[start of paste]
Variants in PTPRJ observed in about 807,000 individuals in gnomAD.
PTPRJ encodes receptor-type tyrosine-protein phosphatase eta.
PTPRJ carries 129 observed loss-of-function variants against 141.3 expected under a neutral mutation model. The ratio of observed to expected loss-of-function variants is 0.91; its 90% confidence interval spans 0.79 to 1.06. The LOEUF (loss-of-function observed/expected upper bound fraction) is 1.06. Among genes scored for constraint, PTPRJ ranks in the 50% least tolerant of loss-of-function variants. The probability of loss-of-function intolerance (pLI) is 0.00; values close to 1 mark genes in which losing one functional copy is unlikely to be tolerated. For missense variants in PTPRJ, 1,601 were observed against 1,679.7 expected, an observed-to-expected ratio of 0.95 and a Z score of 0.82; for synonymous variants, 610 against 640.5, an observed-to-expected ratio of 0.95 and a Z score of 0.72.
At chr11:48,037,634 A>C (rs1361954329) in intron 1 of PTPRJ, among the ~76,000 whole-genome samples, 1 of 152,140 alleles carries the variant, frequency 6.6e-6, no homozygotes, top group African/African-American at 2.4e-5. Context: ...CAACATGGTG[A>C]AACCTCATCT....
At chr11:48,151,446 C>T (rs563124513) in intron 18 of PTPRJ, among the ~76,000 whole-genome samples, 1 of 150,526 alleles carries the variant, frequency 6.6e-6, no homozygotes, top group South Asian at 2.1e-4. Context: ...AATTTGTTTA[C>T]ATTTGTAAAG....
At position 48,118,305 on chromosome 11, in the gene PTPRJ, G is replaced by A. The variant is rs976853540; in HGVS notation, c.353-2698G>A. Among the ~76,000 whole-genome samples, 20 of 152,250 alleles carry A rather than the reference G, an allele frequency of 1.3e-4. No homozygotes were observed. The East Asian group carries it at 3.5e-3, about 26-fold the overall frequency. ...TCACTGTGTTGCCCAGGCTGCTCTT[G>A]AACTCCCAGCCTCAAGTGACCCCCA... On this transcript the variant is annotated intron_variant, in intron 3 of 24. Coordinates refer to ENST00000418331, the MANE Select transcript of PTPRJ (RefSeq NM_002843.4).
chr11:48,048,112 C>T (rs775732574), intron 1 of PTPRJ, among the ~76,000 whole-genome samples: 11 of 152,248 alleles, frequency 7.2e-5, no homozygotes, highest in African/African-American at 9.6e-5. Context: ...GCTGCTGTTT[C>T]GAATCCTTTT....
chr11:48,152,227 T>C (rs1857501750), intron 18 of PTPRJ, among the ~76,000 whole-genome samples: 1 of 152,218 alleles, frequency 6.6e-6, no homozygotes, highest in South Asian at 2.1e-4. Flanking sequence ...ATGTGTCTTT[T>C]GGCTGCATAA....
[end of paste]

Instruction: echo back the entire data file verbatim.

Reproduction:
Variants in PTPRJ observed in about 807,000 individuals in gnomAD.
PTPRJ encodes receptor-type tyrosine-protein phosphatase eta.
PTPRJ carries 129 observed loss-of-function variants against 141.3 expected under a neutral mutation model. The ratio of observed to expected loss-of-function variants is 0.91; its 90% confidence interval spans 0.79 to 1.06. The LOEUF (loss-of-function observed/expected upper bound fraction) is 1.06. Among genes scored for constraint, PTPRJ ranks in the 50% least tolerant of loss-of-function variants. The probability of loss-of-function intolerance (pLI) is 0.00; values close to 1 mark genes in which losing one functional copy is unlikely to be tolerated. For missense variants in PTPRJ, 1,601 were observed against 1,679.7 expected, an observed-to-expected ratio of 0.95 and a Z score of 0.82; for synonymous variants, 610 against 640.5, an observed-to-expected ratio of 0.95 and a Z score of 0.72.
At chr11:48,037,634 A>C (rs1361954329) in intron 1 of PTPRJ, among the ~76,000 whole-genome samples, 1 of 152,140 alleles carries the variant, frequency 6.6e-6, no homozygotes, top group African/African-American at 2.4e-5. Context: ...CAACATGGTG[A>C]AACCTCATCT....
At chr11:48,151,446 C>T (rs563124513) in intron 18 of PTPRJ, among the ~76,000 whole-genome samples, 1 of 150,526 alleles carries the variant, frequency 6.6e-6, no homozygotes, top group South Asian at 2.1e-4. Context: ...AATTTGTTTA[C>T]ATTTGTAAAG....
At position 48,118,305 on chromosome 11, in the gene PTPRJ, G is replaced by A. The variant is rs976853540; in HGVS notation, c.353-2698G>A. Among the ~76,000 whole-genome samples, 20 of 152,250 alleles carry A rather than the reference G, an allele frequency of 1.3e-4. No homozygotes were observed. The East Asian group carries it at 3.5e-3, about 26-fold the overall frequency. ...TCACTGTGTTGCCCAGGCTGCTCTT[G>A]AACTCCCAGCCTCAAGTGACCCCCA... On this transcript the variant is annotated intron_variant, in intron 3 of 24. Coordinates refer to ENST00000418331, the MANE Select transcript of PTPRJ (RefSeq NM_002843.4).
chr11:48,048,112 C>T (rs775732574), intron 1 of PTPRJ, among the ~76,000 whole-genome samples: 11 of 152,248 alleles, frequency 7.2e-5, no homozygotes, highest in African/African-American at 9.6e-5. Context: ...GCTGCTGTTT[C>T]GAATCCTTTT....
chr11:48,152,227 T>C (rs1857501750), intron 18 of PTPRJ, among the ~76,000 whole-genome samples: 1 of 152,218 alleles, frequency 6.6e-6, no homozygotes, highest in South Asian at 2.1e-4. Flanking sequence ...ATGTGTCTTT[T>C]GGCTGCATAA....